Rev. Hugh Cleary, C.S.C. '69, director of Campus Ministry at Stonehill, explains the importance of showing thanks.
WHILE WE AMERICANS have been formed culturally and cherish personally the 19th century values of transcendental philosophy espousing self-reliance, we nonetheless acknowledge that we are interdependent creatures. We need others to survive and flourish-and they need us.
As Henry David Thoreau gloried in his ability to maintain life through the labor of his own hands, his friend Ralph Waldo Emerson balanced the concept:
"Cultivate the habit of being grateful for every good thing that comes to you, And to give thanks continuously. And because all things have contributed to your advancement, you should include all things in your gratitude."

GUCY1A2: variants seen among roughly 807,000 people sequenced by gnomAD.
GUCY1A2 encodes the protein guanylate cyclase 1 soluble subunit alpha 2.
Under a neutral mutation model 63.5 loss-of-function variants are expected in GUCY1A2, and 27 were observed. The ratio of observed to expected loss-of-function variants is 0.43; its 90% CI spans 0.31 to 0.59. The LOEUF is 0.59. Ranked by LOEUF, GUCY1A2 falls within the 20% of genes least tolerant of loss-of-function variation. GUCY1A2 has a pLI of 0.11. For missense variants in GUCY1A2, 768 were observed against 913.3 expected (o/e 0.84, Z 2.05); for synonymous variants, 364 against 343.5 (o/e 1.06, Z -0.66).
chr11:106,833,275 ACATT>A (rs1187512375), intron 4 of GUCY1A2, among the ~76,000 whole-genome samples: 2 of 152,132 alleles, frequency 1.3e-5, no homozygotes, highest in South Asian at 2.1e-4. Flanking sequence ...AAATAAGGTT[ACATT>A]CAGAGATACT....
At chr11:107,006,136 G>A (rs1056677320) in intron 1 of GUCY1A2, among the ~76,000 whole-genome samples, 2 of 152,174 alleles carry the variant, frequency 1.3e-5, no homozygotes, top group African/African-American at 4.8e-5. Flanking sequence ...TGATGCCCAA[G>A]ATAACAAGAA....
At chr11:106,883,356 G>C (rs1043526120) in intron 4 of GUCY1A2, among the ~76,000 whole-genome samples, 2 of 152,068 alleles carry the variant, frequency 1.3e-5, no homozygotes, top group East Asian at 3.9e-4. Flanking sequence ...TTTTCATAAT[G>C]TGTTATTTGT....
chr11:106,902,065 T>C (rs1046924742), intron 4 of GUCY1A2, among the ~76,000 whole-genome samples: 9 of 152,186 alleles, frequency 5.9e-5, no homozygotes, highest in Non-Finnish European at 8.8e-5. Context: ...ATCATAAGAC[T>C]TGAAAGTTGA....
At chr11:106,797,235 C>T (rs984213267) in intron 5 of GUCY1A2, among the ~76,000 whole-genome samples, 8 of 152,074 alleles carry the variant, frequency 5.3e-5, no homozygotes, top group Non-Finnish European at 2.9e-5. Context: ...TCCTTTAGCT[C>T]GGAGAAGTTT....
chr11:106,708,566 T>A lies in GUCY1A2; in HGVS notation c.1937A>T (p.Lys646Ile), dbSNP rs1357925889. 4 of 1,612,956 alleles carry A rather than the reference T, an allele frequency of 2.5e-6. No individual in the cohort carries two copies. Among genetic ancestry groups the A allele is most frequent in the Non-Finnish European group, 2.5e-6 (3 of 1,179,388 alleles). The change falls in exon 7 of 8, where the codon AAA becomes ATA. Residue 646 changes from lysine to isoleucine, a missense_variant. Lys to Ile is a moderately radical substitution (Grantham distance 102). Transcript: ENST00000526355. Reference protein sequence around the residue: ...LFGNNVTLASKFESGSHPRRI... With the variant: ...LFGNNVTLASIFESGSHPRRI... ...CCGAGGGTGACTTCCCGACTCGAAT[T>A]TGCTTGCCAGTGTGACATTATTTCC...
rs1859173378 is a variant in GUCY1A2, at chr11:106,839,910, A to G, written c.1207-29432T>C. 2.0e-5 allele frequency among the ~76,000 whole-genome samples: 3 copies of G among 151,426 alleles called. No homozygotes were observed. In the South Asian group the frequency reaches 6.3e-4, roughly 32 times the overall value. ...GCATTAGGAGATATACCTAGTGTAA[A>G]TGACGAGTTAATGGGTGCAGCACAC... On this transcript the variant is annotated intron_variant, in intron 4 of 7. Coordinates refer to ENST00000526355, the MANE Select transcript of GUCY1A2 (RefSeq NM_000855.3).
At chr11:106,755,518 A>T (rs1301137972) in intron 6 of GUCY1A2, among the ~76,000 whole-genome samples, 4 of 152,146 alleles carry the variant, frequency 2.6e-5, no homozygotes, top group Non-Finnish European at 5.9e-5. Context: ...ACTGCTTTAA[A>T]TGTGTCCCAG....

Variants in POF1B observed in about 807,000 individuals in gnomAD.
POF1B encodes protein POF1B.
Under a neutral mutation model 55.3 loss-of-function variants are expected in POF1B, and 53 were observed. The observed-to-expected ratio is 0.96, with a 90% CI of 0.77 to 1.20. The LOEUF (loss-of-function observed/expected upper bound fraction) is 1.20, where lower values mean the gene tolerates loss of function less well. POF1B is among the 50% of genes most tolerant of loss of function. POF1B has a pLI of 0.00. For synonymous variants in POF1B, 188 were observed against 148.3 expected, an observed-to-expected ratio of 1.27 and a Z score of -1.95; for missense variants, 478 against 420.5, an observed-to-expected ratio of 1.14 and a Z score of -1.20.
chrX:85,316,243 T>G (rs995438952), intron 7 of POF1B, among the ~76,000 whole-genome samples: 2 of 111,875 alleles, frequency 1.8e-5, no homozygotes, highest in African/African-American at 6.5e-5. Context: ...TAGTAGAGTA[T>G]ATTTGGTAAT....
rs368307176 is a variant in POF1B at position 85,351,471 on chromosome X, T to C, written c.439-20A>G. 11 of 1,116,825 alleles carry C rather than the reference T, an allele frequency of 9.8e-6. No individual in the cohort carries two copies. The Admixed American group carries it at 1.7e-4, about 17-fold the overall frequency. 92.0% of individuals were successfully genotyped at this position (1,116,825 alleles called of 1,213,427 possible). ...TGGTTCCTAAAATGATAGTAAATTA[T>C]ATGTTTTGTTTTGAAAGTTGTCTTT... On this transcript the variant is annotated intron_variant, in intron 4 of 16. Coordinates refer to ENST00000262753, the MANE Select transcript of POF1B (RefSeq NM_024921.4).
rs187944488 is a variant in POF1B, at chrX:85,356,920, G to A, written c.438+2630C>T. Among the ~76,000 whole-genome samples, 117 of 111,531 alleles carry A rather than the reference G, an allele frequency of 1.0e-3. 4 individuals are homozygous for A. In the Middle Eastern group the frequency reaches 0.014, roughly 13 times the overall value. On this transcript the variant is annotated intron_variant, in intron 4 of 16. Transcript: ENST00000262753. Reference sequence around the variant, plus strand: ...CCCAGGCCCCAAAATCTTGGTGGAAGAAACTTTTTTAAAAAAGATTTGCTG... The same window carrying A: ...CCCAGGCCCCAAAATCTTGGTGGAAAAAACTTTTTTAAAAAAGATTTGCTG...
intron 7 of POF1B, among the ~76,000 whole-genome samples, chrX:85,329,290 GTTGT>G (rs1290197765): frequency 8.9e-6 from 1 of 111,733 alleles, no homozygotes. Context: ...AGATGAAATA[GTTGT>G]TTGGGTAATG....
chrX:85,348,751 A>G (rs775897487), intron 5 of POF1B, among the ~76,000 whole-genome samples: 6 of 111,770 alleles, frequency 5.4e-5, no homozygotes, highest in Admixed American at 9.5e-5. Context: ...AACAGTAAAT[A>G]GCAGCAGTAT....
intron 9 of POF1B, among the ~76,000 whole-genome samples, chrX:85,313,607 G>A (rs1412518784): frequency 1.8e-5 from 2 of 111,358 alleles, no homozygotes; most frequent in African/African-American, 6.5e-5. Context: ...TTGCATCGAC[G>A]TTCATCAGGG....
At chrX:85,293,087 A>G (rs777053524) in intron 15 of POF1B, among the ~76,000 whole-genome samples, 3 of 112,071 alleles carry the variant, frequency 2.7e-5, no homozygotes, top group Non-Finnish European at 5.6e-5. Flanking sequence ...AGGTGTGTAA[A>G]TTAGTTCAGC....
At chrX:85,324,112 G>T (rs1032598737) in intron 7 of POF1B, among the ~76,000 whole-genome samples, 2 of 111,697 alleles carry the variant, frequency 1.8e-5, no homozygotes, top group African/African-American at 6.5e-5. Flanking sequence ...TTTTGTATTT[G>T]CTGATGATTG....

Gratitude implies the realization that we are dependent upon others for our advancement. Although we may sometimes recoil at the notion of dependency-a suggestion of weakness-gospel teachings propose gratitude as strength beyond measure.
For when we acknowledge our dependency, we can then acknowledge gratitude for that which empowers our lives. God's love for us, emanating through the self-giving of our neighbor, empowers our lives; it eschews self-reliant entitlement for self-reliant responsibility.
Self-reliance is born of God's gift; to receive that gift allows for authentic giving of self-the best portion of one's self-so that others may receive. That is why the great Christian prayer is the Eucharist, Greek for Thanksgiving.
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